Boyle said for this to work in Hyundai’s favor, the features have to become almost essential, not unlike the backup cameras that are now ubiquitous (and mandated) in new cars.
“These functions that we’re seeing, they’re new, and they’re not perfect in their consumer experience, but those are all going to improve,” Boyle said. “And then that’s just going to be a baseline for when there’s a use case for this or that.”
She added that the focus will be on “things you can download in the EV that you wouldn’t have expected.”
“If you keep a dog in the car, maybe it regulates the climate or rolls down the window or something,” she said. “Do you want to pay for that feature?”
Other examples Boyle suggested included downloadable engine sounds for EVs — automakers like Dodge are already working on ways to simulate the noises lost with internal combustion — or even sports team-themed displays inside. (The latter was mentioned repeatedly to TechCrunch by Hyundai Motor Group executives and product planners at the auto show, including with subsidiary Kia.)
“You need to have the tech stack available for these use cases,” Boyle said. “Let’s say you love the Boston Red Sox, or whatever the case may be. Not everybody wants that, but you can download it for your particular EV.”
Hyundai aims to be one of the first large automakers to make the transition to producing vehicles with the capability of wireless software updates and downloadable features that extend far beyond the infotainment system. It has said all of its cars will be capable of over-the-air software updates by 2025 and many updated models are rolling out with this ability right now, and that will include bug fixes, battery management and eventually a more advanced automated driving assistance system.
Almost every automaker will be racing toward “hyper-personalization” in the software era. In addition to seeing who can offer the most EV range, fastest charging times and best driving experience, the next few years will be a race to see who can offer the most features people want with the best software user experience.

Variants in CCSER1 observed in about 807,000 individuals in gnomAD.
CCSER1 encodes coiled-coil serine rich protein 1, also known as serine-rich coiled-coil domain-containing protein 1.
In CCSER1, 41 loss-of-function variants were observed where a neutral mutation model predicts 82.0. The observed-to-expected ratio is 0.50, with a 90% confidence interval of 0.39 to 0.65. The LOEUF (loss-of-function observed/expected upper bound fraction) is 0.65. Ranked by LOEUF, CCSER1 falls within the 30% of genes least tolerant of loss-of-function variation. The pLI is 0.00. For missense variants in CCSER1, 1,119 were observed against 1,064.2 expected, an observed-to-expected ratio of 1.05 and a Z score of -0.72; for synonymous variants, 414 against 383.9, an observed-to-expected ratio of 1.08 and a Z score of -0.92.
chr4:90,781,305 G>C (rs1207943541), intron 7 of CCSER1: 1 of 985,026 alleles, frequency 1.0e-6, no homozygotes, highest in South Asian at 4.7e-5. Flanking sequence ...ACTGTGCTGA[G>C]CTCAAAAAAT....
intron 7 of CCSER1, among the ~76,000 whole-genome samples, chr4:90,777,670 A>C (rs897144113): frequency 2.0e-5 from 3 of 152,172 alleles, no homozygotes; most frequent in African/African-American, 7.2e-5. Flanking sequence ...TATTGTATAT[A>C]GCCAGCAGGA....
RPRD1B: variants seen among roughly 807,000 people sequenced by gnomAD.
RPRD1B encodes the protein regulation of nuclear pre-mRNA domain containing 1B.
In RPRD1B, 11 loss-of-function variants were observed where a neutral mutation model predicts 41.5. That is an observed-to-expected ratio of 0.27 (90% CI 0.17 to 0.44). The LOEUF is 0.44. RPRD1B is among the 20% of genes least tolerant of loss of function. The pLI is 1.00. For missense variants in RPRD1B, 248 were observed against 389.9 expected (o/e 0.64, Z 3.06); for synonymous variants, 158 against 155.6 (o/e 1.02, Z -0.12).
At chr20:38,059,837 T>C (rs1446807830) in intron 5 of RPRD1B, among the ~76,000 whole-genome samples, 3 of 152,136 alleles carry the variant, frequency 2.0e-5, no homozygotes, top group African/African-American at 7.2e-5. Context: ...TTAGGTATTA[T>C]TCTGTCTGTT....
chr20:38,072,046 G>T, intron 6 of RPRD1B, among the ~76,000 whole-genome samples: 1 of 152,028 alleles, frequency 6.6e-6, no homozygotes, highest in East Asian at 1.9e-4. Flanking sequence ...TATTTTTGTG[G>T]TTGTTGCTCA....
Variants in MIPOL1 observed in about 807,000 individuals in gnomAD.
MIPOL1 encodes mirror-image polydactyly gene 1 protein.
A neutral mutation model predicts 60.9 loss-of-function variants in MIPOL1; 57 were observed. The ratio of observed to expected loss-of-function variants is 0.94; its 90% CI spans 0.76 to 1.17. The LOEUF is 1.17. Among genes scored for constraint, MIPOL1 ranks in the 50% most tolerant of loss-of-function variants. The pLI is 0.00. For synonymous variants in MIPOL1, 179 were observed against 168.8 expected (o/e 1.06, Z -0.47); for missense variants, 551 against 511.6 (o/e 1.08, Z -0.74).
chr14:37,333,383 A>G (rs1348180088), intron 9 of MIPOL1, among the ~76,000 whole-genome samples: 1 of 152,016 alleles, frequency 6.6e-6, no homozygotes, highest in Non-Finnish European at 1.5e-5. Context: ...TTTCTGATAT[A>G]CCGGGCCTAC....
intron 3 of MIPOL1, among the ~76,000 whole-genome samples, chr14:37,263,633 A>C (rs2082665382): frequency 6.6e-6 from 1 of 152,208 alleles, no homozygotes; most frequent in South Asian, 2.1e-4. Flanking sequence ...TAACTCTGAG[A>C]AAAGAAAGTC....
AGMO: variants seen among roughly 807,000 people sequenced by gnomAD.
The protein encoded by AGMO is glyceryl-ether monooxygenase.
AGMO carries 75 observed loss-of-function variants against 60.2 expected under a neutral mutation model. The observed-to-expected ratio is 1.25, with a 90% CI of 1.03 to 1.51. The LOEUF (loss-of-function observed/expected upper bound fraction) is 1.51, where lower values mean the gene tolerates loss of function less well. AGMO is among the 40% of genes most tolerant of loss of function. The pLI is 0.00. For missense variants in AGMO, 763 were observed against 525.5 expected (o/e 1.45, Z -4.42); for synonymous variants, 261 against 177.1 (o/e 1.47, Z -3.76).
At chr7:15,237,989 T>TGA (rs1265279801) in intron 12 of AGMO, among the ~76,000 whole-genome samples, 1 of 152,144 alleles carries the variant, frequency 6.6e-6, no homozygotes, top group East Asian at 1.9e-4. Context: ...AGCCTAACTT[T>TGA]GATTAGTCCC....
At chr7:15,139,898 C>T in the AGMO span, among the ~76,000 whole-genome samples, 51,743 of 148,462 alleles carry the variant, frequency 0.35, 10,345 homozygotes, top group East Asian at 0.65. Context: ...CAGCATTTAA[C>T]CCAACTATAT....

Automakers are already going down this road. Arguably the highest-profile current example of this is Tesla’s so-called Full Self-Driving Beta, which can run up to $199 per month, or a total of $15,000. That gives owners a suite of advanced automated driving features that can be used to navigate city streets, though, despite its name, Tesla’s cars are not fully self-driving.
Hyundai too has been dipping its toes into this world with its Bluelink and now Bluelink+ subscription connectivity systems. Those services offer features like remote start, emergency roadside assistance and vehicle diagnostic checks for a monthly fee, not unlike General Motors’ long-running OnStar service. The new Bluelink+ service offers many of these features, but complimentary through the entire duration of ownership, with no trial period or subscription fees for new car owners. (Used car owners will have to pay for it after a trial ends.)
The auto industry’s next wave of subscription features could go much deeper. The Volkswagen Group, for example, is launching an in-car app store that will bring native experiences for Spotify, TikTok, Zoom and more. In-car movies and gaming are also expected to be major revenue drivers as EVs wait to juice up at charging stations. And as they (theoretically) become more automated in the future, passengers will need something to play and work on while being driven around.
Experts say that’s a long way off, if it ever happens at all. Car companies are still dedicated to automated driving. However, many, most notably Ford, are putting greater resources toward active driver assistance features like hands-off, eyes-off driving on highways. That includes Hyundai, too, which is working to commercialize autonomy with ventures like a robotaxi service in Las Vegas.
Boyle’s job is essentially future-proofing Hyundai. That also includes its big EV push and its investments in robotics, urban air mobility and hydrogen power.
“Fifteen years ago people would’ve said there’s no infrastructure for electric vehicles; why are you bothering with that stuff?” Boyle said. “But these are things you have to invest in early.”
Inside Hyundai’s plan to turn software into a profit machine by Patrick George originally published on TechCrunch
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Photo and Author: Patrick George